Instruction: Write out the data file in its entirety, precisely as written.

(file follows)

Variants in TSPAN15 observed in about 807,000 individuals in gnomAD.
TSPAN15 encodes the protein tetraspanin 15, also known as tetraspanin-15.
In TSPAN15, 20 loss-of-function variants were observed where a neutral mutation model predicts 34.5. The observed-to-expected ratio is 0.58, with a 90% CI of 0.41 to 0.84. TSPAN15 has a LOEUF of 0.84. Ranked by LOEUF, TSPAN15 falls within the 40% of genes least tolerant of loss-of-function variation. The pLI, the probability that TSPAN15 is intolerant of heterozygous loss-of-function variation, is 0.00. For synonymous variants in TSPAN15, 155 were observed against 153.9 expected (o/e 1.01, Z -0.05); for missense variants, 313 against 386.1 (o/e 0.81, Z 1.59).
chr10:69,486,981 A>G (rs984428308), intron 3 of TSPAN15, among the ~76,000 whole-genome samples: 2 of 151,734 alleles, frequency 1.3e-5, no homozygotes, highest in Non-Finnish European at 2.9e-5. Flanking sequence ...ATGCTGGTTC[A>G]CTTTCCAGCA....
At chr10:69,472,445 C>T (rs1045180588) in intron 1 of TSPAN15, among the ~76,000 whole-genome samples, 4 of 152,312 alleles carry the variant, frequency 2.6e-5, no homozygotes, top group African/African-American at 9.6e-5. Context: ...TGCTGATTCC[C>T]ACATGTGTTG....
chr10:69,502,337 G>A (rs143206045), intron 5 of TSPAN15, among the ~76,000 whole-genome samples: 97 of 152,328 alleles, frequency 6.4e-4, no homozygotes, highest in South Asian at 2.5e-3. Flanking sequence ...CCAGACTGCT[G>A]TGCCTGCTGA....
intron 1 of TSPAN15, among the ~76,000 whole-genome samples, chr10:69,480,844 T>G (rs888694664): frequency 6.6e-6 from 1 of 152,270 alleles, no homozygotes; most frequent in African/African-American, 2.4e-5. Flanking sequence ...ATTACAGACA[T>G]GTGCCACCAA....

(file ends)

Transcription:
Variants in TSPAN15 observed in about 807,000 individuals in gnomAD.
TSPAN15 encodes the protein tetraspanin 15, also known as tetraspanin-15.
In TSPAN15, 20 loss-of-function variants were observed where a neutral mutation model predicts 34.5. The observed-to-expected ratio is 0.58, with a 90% CI of 0.41 to 0.84. TSPAN15 has a LOEUF of 0.84. Ranked by LOEUF, TSPAN15 falls within the 40% of genes least tolerant of loss-of-function variation. The pLI, the probability that TSPAN15 is intolerant of heterozygous loss-of-function variation, is 0.00. For synonymous variants in TSPAN15, 155 were observed against 153.9 expected (o/e 1.01, Z -0.05); for missense variants, 313 against 386.1 (o/e 0.81, Z 1.59).
chr10:69,486,981 A>G (rs984428308), intron 3 of TSPAN15, among the ~76,000 whole-genome samples: 2 of 151,734 alleles, frequency 1.3e-5, no homozygotes, highest in Non-Finnish European at 2.9e-5. Flanking sequence ...ATGCTGGTTC[A>G]CTTTCCAGCA....
At chr10:69,472,445 C>T (rs1045180588) in intron 1 of TSPAN15, among the ~76,000 whole-genome samples, 4 of 152,312 alleles carry the variant, frequency 2.6e-5, no homozygotes, top group African/African-American at 9.6e-5. Context: ...TGCTGATTCC[C>T]ACATGTGTTG....
chr10:69,502,337 G>A (rs143206045), intron 5 of TSPAN15, among the ~76,000 whole-genome samples: 97 of 152,328 alleles, frequency 6.4e-4, no homozygotes, highest in South Asian at 2.5e-3. Flanking sequence ...CCAGACTGCT[G>A]TGCCTGCTGA....
intron 1 of TSPAN15, among the ~76,000 whole-genome samples, chr10:69,480,844 T>G (rs888694664): frequency 6.6e-6 from 1 of 152,270 alleles, no homozygotes; most frequent in African/African-American, 2.4e-5. Flanking sequence ...ATTACAGACA[T>G]GTGCCACCAA....